MINISTER REVEALS JET DEAL
The Minister for Defence, Albert Kan Dapaah has stated that government will not abandon its responsibility towards ensuring that the Ghana Air Force is adequately equipped.
He said it would be highly irresponsible on the part of government to fail to heed the SOS call of the Air Force, which noted that all its Communication Squadron's fleet would be grounded in two years unless there is replacement.
The implications of allowing the fleet to be grounded, according to the minister, would be far-reaching, and urged all Ghanaians to view government's efforts to purchase new aircraft for the Air Force from a nationalistic point of view, instead of giving it a political twist.
Explaining some knotty issues on the matter on Peace FM yesterday, Mr Dapaah said since it takes about three years to manufacture a plane, any further delay in ordering the fleet for the Air Force would not be in anybody's interest.
According to him, the acquisition of the aircraft for the Air Force is not only necessary but also a state priority.
Citing the regimes of Dr. Kwame Nkrumah and General Ignatius Kutu Acheampong, Dapaah said the norm since independence has been that 'presidential jets' have been provided as part of the Army's stock.
“All planes used by our leaders since independence were not called presidential planes. They were Air Force planes. This is not new; we are only replacing them,” he said.
He debunked assertions by the opposition that the purchase agreement lacked clarity, saying any information on the terms can be accessed on the Internet.
The minister disclosed that four of the aeroplanes (Chinese-made) would be financed with a soft loan from the Chinese Eximbank to be paid over a period of 25 years, while the other two (French-made) would be financed with a loan from the Societe Generale.
For the umpteenth time, the Parliamentary Joint Committee on the Interior and Defence deferred meeting to debate the budget for the two aircraft, following the 'alarm' raised by the opposition.
Even though the plan to refurbish the Air Force has been on the drawing board since 1997, the programme was given a political twist in April 2007, after it came to light that the Airbus 319 and Falcon 900 EX Easy would also be used for presidential trips.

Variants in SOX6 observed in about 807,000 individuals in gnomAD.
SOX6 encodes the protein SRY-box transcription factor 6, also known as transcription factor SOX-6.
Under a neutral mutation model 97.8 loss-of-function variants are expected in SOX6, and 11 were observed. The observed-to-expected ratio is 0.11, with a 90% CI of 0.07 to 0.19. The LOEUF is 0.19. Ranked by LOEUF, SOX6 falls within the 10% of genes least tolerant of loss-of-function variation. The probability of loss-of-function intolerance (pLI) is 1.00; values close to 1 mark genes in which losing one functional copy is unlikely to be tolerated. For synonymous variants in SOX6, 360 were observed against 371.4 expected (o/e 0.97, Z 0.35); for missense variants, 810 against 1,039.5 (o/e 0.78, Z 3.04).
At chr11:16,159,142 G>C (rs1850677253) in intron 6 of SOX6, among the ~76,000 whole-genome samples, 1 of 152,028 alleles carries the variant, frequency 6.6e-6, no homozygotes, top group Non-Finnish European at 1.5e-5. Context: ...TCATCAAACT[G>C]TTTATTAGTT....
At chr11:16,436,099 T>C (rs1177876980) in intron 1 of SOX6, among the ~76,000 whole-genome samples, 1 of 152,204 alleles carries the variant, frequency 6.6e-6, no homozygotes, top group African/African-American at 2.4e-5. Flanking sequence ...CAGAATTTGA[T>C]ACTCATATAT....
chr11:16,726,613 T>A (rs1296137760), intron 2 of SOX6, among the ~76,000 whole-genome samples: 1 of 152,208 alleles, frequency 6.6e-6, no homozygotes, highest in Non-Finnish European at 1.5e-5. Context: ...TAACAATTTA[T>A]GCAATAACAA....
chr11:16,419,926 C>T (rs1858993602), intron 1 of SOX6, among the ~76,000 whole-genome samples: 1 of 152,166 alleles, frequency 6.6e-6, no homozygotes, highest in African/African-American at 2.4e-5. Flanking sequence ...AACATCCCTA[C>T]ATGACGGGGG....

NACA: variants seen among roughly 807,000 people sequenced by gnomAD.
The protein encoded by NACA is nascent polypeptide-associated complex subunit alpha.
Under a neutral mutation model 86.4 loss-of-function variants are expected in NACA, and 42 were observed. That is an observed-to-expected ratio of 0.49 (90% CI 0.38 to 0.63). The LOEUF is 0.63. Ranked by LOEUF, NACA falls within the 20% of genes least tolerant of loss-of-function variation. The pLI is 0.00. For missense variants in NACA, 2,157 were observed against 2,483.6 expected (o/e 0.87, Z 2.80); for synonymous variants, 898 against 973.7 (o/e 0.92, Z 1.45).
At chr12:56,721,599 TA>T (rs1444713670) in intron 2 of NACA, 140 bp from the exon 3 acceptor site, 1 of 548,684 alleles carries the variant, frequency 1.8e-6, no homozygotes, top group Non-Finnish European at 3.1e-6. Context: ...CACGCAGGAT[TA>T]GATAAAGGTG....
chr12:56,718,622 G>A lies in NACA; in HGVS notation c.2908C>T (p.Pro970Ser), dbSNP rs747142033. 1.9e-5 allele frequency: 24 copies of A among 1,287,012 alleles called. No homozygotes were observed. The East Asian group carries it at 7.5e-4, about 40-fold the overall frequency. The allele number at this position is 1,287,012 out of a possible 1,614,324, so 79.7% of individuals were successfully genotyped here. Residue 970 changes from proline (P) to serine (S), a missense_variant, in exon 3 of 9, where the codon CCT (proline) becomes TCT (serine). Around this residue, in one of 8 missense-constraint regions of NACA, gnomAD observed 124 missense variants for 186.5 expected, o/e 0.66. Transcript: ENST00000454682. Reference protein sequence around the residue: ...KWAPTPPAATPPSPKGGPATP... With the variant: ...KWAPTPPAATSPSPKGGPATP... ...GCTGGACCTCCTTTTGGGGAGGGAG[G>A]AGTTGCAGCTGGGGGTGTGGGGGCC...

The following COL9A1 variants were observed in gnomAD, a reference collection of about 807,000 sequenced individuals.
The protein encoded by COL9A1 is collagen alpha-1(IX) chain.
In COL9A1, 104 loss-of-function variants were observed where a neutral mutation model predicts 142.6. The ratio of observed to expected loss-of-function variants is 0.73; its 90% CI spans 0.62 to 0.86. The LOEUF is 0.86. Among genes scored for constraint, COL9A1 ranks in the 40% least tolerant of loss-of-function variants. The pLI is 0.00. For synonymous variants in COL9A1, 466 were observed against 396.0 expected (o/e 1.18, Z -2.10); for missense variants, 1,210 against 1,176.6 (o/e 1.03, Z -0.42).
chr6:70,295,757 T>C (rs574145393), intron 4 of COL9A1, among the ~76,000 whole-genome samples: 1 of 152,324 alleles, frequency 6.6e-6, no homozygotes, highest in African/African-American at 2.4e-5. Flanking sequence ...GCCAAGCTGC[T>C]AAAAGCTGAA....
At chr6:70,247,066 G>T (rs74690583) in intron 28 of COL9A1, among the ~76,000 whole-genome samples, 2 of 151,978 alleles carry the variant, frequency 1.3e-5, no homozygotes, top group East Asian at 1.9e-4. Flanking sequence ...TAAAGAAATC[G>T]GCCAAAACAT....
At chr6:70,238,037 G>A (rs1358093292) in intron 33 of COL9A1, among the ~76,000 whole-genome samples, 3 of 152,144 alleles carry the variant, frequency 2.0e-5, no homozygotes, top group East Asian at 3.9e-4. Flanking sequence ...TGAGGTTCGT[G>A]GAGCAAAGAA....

This was after a proposal, dated April 25, 2007 and signed by Air Commodore I.S. Kadri, on behalf of Chief of Air Staff, and a Technical and Operational Evaluation Report, signed by Wing Commander G.S. Evans, were submitted to the military high command for the attention of the Executive through the Minister of Defence.
The six aircraft recommended by the Air Force and said to be part of an elaborate programme to re-equip the communications department of the Service, include one Airbus 319, three MA-60 transport aircraft and two Y-121V light transport planes.
But the opposition National Democratic Congress (NDC) sees the issue as pay-back time, especially since President John Agyekum Kufuor had declined to use the controversially acquired Gulf Stream III jet leased by the previous government because of the murky nature of its acquisition.
Unlike the Gulfstream III which was acquired through the Ministry of Finance, DAILY GUIDE can say that the present proposal before Parliament is the direct request of the Ghana Air Force, through the Ministry of Defence.
For instance on December 24, 2007, the Chief of Air Staff, Air Vice-Marshal J.O. Boateng, wrote to the Chief of Defence Staff, requesting for the aircraft because the set of planes the country has would be obsolete by 2010.